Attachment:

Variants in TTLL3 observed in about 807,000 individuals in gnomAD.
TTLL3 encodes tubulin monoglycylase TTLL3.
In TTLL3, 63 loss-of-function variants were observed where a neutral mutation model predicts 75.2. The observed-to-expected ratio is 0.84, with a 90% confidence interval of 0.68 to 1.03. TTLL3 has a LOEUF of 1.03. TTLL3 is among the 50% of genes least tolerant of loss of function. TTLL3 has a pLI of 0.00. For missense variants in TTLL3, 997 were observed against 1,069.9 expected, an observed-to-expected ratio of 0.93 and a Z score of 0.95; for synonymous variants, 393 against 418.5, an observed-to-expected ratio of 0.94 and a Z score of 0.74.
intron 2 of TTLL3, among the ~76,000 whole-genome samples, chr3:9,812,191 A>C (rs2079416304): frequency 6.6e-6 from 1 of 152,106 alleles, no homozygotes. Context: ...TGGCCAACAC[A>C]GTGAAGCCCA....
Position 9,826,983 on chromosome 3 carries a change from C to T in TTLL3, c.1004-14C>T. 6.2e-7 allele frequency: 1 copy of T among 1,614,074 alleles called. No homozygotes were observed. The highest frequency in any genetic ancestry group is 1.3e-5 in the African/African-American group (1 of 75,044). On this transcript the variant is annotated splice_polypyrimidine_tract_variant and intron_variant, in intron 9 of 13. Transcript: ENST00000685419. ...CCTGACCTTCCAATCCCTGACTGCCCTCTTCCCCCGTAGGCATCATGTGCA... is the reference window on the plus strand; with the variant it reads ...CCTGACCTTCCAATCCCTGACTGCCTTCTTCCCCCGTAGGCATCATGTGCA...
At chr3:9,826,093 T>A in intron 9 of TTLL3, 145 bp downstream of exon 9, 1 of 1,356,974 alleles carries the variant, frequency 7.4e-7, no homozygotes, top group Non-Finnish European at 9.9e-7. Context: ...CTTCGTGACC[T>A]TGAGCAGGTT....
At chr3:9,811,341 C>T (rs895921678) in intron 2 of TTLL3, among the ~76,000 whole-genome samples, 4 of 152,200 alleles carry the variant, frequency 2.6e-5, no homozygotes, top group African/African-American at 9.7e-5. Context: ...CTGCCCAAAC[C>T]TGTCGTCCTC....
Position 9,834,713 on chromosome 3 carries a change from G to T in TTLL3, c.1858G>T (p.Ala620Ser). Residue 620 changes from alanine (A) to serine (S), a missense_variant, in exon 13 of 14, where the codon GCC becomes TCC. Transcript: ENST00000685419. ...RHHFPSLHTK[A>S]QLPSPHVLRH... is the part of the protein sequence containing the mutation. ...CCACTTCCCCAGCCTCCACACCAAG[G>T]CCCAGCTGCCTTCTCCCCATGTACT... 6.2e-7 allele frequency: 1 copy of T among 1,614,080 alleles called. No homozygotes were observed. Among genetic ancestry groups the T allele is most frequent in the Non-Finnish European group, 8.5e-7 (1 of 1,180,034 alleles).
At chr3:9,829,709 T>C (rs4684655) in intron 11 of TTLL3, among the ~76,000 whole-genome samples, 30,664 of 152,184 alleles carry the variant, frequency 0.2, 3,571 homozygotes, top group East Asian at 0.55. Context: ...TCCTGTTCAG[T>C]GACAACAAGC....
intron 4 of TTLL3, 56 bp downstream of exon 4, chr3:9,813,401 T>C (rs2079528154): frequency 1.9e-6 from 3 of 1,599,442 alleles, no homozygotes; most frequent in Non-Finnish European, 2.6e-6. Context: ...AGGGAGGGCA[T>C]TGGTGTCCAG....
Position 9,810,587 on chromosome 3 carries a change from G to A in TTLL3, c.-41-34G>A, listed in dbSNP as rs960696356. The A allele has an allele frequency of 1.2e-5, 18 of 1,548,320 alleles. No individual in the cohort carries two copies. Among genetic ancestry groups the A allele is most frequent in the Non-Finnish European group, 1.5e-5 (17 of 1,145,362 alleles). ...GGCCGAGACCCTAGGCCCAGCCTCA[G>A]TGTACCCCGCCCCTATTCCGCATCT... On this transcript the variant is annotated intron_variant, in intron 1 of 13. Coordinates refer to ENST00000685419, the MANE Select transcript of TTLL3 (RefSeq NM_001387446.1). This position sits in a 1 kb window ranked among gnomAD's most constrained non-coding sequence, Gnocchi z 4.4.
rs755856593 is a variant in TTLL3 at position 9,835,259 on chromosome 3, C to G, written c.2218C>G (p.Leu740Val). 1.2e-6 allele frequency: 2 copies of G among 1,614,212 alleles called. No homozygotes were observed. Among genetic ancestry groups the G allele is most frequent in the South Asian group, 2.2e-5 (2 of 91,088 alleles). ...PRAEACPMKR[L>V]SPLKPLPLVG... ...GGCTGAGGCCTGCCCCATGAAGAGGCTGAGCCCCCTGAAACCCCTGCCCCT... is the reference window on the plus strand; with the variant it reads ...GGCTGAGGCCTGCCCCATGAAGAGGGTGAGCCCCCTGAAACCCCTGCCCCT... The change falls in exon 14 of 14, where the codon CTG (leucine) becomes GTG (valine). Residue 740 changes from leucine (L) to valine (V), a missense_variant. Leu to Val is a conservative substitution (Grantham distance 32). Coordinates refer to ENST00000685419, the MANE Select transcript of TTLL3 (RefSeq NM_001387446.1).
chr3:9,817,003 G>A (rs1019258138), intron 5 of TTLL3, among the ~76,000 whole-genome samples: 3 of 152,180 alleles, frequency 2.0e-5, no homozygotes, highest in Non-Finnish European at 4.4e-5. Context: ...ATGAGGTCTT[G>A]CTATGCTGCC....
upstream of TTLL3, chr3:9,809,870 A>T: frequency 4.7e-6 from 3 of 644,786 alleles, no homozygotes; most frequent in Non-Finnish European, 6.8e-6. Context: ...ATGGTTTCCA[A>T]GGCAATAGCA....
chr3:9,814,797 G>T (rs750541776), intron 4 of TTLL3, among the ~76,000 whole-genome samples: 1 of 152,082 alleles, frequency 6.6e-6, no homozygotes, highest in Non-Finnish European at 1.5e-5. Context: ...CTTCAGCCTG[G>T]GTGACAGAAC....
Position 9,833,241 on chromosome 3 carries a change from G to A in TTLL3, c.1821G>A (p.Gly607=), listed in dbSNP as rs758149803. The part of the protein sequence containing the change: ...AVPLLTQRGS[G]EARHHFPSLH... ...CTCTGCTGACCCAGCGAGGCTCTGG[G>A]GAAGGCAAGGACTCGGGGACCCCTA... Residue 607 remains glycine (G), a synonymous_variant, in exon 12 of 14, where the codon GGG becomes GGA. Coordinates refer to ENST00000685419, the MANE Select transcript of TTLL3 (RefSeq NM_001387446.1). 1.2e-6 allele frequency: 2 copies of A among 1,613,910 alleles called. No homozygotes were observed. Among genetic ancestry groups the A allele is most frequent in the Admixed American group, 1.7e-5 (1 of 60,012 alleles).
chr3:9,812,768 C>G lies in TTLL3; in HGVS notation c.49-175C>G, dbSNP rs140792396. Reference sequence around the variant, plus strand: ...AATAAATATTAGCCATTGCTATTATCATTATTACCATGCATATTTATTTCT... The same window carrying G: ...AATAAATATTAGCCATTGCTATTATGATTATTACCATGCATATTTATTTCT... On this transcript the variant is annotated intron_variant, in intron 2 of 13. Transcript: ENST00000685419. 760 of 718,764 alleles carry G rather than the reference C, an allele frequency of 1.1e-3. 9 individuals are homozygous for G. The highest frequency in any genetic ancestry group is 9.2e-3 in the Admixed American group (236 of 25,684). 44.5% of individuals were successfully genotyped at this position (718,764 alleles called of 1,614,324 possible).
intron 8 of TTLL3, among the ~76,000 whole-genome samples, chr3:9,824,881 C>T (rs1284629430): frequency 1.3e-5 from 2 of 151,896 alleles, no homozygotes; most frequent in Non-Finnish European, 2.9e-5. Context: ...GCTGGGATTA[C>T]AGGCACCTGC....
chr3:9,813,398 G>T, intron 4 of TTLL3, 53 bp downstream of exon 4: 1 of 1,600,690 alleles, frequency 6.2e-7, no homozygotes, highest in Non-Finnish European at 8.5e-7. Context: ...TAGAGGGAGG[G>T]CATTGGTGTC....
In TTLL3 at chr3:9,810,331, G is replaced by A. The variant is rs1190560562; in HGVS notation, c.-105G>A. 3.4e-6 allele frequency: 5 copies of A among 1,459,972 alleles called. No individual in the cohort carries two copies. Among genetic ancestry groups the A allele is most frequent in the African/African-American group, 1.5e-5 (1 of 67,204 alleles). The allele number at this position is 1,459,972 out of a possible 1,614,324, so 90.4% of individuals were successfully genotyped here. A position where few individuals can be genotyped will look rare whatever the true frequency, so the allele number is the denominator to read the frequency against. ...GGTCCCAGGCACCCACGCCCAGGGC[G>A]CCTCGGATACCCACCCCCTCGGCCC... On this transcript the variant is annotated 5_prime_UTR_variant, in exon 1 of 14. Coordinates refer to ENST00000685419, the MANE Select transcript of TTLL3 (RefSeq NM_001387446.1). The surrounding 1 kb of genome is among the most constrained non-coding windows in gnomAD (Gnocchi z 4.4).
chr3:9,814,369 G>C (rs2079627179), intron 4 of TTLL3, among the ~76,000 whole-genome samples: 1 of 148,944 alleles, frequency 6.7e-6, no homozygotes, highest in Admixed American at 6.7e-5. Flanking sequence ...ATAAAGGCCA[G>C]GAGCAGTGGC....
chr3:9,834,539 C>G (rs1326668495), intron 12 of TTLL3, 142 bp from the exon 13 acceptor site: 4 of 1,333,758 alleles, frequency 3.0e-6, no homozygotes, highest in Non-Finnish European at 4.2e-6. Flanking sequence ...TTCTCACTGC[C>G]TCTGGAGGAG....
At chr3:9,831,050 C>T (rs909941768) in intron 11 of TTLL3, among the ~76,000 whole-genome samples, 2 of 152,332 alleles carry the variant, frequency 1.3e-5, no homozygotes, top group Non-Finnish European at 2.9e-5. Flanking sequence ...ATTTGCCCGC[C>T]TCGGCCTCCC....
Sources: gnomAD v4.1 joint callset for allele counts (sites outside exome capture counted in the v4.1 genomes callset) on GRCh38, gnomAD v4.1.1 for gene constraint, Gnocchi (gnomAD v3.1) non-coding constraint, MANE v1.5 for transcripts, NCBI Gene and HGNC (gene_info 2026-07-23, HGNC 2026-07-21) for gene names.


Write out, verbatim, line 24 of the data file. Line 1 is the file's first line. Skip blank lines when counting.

Sources: gnomAD v4.1 joint callset for allele counts (sites outside exome capture counted in the v4.1 genomes callset) on GRCh38, gnomAD v4.1.1 for gene constraint, Gnocchi (gnomAD v3.1) non-coding constraint, MANE v1.5 for transcripts, NCBI Gene and HGNC (gene_info 2026-07-23, HGNC 2026-07-21) for gene names.